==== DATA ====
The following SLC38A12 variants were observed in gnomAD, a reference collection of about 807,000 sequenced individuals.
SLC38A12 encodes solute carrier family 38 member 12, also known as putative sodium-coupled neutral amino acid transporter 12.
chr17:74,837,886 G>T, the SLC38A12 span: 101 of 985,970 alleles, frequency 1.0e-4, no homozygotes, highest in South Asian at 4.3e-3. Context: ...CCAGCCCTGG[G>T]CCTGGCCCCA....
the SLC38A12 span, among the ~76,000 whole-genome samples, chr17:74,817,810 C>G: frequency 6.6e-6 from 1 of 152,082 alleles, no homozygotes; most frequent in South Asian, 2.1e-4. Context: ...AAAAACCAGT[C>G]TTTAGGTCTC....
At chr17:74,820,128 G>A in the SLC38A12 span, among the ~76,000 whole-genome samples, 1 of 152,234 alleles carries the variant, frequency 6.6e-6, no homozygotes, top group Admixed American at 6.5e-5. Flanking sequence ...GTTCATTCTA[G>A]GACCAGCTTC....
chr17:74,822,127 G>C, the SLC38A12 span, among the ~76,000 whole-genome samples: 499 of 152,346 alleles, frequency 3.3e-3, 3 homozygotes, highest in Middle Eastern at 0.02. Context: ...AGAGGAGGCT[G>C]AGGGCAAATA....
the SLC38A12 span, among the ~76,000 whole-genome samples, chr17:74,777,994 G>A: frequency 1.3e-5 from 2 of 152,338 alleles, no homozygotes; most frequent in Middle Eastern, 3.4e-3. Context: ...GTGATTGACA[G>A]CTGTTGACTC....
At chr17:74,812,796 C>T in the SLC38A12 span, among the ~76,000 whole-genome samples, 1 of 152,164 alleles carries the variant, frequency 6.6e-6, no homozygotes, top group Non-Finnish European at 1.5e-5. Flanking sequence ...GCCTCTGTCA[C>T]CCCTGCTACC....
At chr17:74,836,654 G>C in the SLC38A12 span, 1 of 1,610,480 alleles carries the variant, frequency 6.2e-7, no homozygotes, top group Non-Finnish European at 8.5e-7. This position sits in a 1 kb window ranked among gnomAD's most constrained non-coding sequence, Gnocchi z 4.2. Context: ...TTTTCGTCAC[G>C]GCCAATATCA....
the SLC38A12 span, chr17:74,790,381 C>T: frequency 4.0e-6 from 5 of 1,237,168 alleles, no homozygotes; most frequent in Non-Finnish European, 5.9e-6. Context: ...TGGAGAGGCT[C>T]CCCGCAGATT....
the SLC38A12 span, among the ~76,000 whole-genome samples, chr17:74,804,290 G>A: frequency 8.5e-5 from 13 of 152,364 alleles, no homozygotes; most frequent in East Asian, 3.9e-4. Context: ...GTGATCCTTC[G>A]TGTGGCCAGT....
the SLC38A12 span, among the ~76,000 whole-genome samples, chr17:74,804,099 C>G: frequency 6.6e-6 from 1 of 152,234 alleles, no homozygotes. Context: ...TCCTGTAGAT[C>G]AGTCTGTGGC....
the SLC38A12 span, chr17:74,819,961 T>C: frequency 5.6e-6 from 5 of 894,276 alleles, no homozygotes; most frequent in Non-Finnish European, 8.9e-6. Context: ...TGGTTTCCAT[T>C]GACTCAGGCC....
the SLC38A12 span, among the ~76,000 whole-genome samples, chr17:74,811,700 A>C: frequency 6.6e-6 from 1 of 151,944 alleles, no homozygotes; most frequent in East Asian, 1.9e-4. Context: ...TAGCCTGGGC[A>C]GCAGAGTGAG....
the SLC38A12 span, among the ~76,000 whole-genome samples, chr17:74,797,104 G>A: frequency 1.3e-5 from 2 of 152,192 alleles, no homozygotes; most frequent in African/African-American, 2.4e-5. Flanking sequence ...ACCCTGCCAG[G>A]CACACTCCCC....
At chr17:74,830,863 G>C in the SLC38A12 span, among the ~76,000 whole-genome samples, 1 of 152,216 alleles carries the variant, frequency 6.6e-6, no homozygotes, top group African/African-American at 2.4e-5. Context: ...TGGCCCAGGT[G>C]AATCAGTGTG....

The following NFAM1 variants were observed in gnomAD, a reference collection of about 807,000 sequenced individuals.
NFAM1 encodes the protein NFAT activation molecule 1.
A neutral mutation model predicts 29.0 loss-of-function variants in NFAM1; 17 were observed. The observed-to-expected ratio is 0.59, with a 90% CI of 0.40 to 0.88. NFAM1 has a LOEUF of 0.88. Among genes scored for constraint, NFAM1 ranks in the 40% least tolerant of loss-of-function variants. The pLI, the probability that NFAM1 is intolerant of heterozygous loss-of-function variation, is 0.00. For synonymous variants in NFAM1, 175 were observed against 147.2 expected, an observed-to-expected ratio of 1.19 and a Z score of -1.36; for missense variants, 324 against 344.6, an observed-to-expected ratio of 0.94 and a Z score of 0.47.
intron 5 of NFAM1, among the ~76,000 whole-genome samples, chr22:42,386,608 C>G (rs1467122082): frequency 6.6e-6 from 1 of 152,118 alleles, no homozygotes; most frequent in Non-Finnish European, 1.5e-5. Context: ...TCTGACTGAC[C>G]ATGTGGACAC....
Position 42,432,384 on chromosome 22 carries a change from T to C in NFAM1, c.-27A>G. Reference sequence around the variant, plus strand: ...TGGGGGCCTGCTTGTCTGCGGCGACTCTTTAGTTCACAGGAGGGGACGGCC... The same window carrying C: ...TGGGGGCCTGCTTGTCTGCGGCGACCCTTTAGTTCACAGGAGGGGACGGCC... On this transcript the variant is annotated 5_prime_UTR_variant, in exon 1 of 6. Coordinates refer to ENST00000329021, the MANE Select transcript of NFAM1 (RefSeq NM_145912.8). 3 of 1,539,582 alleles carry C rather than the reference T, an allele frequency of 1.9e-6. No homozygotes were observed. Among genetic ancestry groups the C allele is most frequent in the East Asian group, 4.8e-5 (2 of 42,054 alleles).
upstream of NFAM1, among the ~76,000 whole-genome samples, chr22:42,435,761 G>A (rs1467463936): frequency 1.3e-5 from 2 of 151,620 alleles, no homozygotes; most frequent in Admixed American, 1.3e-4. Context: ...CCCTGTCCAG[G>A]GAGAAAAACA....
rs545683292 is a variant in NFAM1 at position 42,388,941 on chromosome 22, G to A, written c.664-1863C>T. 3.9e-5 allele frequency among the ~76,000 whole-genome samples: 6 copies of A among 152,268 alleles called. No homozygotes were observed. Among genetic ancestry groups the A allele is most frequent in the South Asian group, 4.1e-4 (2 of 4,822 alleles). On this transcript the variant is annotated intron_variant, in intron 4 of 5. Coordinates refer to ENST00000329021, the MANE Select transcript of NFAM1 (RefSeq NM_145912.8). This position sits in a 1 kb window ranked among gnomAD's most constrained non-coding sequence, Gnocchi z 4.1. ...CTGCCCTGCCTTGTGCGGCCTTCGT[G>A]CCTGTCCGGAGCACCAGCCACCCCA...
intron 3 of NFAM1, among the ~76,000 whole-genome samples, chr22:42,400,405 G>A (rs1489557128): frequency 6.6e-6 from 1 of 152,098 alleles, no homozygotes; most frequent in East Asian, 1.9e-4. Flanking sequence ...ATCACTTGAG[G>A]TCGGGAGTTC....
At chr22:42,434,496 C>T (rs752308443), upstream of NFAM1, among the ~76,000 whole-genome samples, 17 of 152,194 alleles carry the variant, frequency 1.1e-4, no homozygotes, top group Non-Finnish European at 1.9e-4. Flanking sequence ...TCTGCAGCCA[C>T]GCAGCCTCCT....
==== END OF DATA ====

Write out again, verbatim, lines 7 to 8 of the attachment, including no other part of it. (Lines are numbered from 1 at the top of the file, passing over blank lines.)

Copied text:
the SLC38A12 span, among the ~76,000 whole-genome samples, chr17:74,777,994 G>A: frequency 1.3e-5 from 2 of 152,338 alleles, no homozygotes; most frequent in Middle Eastern, 3.4e-3. Context: ...GTGATTGACA[G>A]CTGTTGACTC....
At chr17:74,812,796 C>T in the SLC38A12 span, among the ~76,000 whole-genome samples, 1 of 152,164 alleles carries the variant, frequency 6.6e-6, no homozygotes, top group Non-Finnish European at 1.5e-5. Flanking sequence ...GCCTCTGTCA[C>T]CCCTGCTACC....